This post was originally published on Defender Network

By Raquel Rogers

When the movie “Hidden Figures” was released in 2017, it opened the doors of curiosity as to what other narratives and contributions of Black women have been erased from the history books. Many Black authors answered the challenge of diving into those untold stories, weaving narratives to educate and entertain with historical fiction.

Dr. Tammy Smithers, founder of The Personal Librarians Book Chat, a global online bookclub, is bringing some of those writers together for an inaugural virtual Women’s History Month program called “Still I Rise: Black Herstory of Resilience and Brilliance” on March 28 from 6:30-8:30 p.m. CST.

Poster featuring six panelists and two facilitators for "Still I Rise: Black Herstory of Resilience and Brilliance"
Poster for “Still I Rise: Black Herstory of Resilience and Brilliance” event

“The rise in the popularity of historical fiction presents an opportunity for storytellers, scholars, authors, publishers and producers,” Smithers said. “Presenting this program is a testament to the achievement of Black authors, hidden figures and women who are still standing no matter who seeks to silence and suppress their voice, purpose or narrative.

“Attendees can glean from this program the importance of correcting the historical record, telling untold truths, and celebrating the role of Black women through America’s existence.”

Smithers says she is excited to see Black female authors pick up the mantle to shine a light on the brilliance and resilience of historical Black figures.

“The social and political ecosystem is being wrought with controversy. However, it is Black women authors who are emboldened to do the research and elucidate the narratives of Black women through a historical and fictionalized context. March marks the international recognition of Women’s History Month. However, Black women are often omitted from the recognition and lumped in with everyone. Our inheritance of resilience and the ways in which our ancestral foremothers overcame is often relegated to oppression and rightfully linked to injustice and struggle. As Black women, the residual effect of our ingenuity is our brilliance – brilliance to build businesses, produce leaders, galvanize movements, lead communities and more,” she said.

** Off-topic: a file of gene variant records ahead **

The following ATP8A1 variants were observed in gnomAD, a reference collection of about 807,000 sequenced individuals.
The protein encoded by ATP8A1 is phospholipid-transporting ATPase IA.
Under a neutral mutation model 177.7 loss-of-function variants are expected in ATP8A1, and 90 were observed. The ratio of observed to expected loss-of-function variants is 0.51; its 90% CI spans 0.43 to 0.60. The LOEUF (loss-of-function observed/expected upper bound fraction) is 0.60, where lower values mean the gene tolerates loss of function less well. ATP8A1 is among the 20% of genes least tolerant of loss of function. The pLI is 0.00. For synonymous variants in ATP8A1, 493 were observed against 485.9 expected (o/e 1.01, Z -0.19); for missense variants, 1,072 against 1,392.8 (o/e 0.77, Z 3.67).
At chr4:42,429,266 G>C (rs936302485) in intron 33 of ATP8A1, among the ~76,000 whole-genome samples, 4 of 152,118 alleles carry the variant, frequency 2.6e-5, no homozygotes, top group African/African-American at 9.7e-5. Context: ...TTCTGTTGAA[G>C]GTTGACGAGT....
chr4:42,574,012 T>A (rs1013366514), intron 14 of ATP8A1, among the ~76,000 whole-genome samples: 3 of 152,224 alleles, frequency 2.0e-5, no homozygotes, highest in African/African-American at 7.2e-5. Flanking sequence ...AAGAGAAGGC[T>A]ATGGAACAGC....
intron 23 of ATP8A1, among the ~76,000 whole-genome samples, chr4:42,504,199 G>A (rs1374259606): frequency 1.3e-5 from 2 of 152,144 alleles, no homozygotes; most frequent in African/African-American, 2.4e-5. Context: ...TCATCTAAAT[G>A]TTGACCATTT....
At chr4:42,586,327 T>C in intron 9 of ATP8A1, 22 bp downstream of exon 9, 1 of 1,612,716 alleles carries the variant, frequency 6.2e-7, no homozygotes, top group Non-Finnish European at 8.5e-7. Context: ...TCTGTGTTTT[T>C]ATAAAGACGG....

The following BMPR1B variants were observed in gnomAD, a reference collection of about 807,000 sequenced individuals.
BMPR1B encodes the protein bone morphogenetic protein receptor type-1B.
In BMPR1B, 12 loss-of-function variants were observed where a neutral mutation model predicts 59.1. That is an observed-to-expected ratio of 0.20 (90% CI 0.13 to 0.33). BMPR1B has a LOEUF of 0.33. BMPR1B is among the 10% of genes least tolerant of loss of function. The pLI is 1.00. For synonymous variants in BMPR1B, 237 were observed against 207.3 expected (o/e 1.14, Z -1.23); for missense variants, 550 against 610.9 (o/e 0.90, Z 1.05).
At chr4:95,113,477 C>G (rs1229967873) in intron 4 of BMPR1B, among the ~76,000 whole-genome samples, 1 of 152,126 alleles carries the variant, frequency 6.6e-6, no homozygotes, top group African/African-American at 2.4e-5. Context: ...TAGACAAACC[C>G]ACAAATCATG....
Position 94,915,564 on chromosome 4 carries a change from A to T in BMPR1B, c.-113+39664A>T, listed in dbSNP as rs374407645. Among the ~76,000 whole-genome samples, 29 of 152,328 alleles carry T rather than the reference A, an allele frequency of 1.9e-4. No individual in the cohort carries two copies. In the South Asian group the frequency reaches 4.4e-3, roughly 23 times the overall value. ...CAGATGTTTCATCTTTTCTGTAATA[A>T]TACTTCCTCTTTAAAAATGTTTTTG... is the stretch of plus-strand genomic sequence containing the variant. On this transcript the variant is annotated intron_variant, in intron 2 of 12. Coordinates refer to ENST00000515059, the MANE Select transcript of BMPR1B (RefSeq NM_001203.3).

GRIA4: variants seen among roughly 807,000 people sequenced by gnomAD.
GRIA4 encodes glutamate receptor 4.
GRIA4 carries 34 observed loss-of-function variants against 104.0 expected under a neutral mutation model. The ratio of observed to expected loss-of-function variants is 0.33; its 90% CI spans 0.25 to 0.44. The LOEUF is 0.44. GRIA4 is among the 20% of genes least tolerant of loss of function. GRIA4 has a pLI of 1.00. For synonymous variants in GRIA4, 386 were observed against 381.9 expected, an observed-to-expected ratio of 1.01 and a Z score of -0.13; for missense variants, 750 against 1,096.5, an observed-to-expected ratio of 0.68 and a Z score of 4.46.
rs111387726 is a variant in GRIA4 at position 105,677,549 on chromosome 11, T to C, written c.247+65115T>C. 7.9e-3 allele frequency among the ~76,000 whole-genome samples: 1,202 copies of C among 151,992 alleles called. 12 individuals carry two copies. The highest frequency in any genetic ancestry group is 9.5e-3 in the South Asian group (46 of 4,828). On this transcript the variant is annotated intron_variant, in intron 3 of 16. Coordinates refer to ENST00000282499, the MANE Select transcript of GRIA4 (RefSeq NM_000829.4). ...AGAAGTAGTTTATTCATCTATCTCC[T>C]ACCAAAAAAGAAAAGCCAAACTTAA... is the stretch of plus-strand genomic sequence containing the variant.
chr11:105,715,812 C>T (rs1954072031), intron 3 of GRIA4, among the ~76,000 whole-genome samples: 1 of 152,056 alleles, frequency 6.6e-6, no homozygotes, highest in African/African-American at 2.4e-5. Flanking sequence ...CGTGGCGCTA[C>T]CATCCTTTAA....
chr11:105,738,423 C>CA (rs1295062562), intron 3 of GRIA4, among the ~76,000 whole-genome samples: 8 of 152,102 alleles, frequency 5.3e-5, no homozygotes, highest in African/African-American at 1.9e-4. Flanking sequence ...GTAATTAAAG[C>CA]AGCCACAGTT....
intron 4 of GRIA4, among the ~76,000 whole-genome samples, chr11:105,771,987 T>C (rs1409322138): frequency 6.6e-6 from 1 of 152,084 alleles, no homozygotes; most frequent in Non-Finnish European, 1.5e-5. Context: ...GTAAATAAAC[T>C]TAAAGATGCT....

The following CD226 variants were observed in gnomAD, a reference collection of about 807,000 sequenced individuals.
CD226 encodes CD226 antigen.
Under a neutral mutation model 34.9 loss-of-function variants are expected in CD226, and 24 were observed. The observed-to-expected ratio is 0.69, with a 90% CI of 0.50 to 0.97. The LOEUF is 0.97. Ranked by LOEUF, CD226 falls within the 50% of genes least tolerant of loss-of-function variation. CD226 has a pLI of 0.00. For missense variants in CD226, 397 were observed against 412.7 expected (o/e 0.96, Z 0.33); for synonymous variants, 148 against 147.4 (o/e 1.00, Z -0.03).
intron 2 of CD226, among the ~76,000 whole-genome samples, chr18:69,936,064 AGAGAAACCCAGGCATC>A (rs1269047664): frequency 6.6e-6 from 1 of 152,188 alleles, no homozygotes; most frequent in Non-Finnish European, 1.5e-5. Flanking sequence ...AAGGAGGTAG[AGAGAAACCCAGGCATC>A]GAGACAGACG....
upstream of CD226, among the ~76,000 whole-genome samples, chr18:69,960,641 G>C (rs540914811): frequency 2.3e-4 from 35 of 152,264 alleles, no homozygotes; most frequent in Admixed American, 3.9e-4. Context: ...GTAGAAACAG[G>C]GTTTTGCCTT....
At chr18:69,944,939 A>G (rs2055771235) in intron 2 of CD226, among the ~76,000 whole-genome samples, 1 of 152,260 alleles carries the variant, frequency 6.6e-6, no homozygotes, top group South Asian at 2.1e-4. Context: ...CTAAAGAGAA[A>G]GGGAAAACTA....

The writers serving as “Still I Rise” panelists will discuss their inclusive portraits of the past, how they go about recovering and developing stories that have been lost, forgotten or untold, and unveiling those stories that have been relegated to history’s sidelines. The popular and award-winning authors will discuss their writing and researching process as well as the cultural stimuli for wanting to write these stories.

The virtual audience of women, men, students, authors, other book clubs and interested individuals will learn about what goes into writing in this popular genre.

Panelists include:

  • Dr. Michon Benson, assistant professor of English and African American Literature at Texas Southern University.
  • Denny S. Bryce, author whose book about Ella Fitzgerald (entertainer) will be released in 2024.
  • Dr. Piper Huguley, author of Ann Lowe’s (designer) story written and released in 2022 and associate professor of English at Clark Atlanta University.
  • Janis F. Kearney, author of Mahalia Jackson’s (gospel singer) biographical novel.
  • Victoria Christopher Murray, author whose book about Mary McLeod Bethune (educator and activist) will be released on June 27, 2023.
  • ReShonda Tate, author whose debut historical fiction novel about Hattie McDaniel (actress) will be released in January 2024.


  • Dr. Karen Kossie-Chernyshev, professor of history at Texas Southern University and editor of “Recovering Five Generations Hence: The Life and Writing of Lillian Jones Horace.”
  • Dr. Tammy Smithers, co-founder and facilitator of Personal Librarians Book Chat.

Register for the free event at

Plans are already underway for the 2nd Annual Women’s History Month Program, which will take place on March 26, 2024.